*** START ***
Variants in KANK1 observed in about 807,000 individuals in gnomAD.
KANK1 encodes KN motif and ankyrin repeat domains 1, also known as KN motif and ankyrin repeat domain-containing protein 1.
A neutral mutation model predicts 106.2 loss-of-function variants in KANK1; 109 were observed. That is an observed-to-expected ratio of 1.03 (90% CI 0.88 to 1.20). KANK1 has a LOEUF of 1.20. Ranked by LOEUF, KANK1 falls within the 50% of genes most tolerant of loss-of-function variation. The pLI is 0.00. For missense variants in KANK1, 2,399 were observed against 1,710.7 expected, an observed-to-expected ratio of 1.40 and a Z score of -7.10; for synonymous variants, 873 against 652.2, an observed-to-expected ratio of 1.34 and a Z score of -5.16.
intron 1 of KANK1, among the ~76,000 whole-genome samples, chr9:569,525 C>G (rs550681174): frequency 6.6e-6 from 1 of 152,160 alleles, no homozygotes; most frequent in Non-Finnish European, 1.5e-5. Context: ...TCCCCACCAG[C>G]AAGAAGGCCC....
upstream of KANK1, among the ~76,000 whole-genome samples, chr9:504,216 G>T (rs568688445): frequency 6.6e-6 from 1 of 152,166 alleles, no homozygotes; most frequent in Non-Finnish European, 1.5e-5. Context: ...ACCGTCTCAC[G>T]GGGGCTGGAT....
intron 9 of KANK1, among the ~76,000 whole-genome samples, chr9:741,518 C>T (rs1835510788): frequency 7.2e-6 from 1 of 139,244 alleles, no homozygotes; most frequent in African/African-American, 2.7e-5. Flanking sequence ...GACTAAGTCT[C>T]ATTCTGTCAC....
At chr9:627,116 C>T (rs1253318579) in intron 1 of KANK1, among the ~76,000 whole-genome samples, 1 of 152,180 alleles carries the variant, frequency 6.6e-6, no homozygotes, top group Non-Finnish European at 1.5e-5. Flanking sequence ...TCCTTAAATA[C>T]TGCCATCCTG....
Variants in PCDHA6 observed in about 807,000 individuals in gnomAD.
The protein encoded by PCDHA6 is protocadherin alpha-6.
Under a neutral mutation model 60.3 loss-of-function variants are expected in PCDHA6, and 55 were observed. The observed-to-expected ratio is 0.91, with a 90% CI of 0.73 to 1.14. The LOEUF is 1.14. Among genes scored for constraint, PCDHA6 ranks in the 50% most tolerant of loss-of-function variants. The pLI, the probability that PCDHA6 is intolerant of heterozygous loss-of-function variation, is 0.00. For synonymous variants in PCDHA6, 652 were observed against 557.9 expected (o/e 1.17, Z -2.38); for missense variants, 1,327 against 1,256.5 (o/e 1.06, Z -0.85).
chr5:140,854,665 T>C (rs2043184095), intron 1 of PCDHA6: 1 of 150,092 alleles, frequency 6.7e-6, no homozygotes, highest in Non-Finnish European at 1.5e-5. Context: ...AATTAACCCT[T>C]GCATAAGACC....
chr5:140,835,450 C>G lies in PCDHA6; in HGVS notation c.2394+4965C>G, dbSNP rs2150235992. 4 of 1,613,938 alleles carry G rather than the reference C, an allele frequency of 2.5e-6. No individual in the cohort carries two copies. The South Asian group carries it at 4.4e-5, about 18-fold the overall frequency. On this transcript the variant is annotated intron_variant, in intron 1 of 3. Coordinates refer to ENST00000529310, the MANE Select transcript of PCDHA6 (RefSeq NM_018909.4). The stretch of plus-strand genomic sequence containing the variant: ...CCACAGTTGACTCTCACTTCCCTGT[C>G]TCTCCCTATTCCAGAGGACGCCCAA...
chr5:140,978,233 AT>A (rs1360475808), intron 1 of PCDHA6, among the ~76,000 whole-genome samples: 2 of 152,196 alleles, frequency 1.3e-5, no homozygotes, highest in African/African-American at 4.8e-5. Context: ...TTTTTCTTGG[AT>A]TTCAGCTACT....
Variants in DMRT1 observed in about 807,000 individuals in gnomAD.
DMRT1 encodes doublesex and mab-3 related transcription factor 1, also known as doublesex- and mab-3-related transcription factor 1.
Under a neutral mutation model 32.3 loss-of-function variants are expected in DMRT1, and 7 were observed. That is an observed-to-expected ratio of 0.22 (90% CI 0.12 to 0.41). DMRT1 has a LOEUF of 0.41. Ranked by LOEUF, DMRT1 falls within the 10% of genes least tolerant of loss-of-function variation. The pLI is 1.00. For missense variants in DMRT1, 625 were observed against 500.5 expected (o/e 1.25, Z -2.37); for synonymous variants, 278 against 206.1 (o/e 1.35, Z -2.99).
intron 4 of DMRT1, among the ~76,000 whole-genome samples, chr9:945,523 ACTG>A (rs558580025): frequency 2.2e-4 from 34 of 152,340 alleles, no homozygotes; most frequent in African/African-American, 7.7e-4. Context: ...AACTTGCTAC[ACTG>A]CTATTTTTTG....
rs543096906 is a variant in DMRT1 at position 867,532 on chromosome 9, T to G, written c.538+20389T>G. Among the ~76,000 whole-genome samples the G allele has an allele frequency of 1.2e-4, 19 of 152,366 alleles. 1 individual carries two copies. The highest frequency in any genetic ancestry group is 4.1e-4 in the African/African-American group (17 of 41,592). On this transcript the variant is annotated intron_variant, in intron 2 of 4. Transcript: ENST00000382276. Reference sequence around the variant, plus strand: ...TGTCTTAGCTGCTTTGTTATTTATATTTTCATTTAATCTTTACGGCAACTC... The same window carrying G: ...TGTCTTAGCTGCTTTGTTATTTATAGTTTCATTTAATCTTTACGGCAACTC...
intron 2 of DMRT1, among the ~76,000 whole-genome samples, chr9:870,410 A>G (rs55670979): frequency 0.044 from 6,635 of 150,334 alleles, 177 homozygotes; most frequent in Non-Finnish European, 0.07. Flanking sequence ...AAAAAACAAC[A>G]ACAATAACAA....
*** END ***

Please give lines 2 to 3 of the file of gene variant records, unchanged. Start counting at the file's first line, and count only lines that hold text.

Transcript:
KANK1 encodes KN motif and ankyrin repeat domains 1, also known as KN motif and ankyrin repeat domain-containing protein 1.
A neutral mutation model predicts 106.2 loss-of-function variants in KANK1; 109 were observed. That is an observed-to-expected ratio of 1.03 (90% CI 0.88 to 1.20). KANK1 has a LOEUF of 1.20. Ranked by LOEUF, KANK1 falls within the 50% of genes most tolerant of loss-of-function variation. The pLI is 0.00. For missense variants in KANK1, 2,399 were observed against 1,710.7 expected, an observed-to-expected ratio of 1.40 and a Z score of -7.10; for synonymous variants, 873 against 652.2, an observed-to-expected ratio of 1.34 and a Z score of -5.16.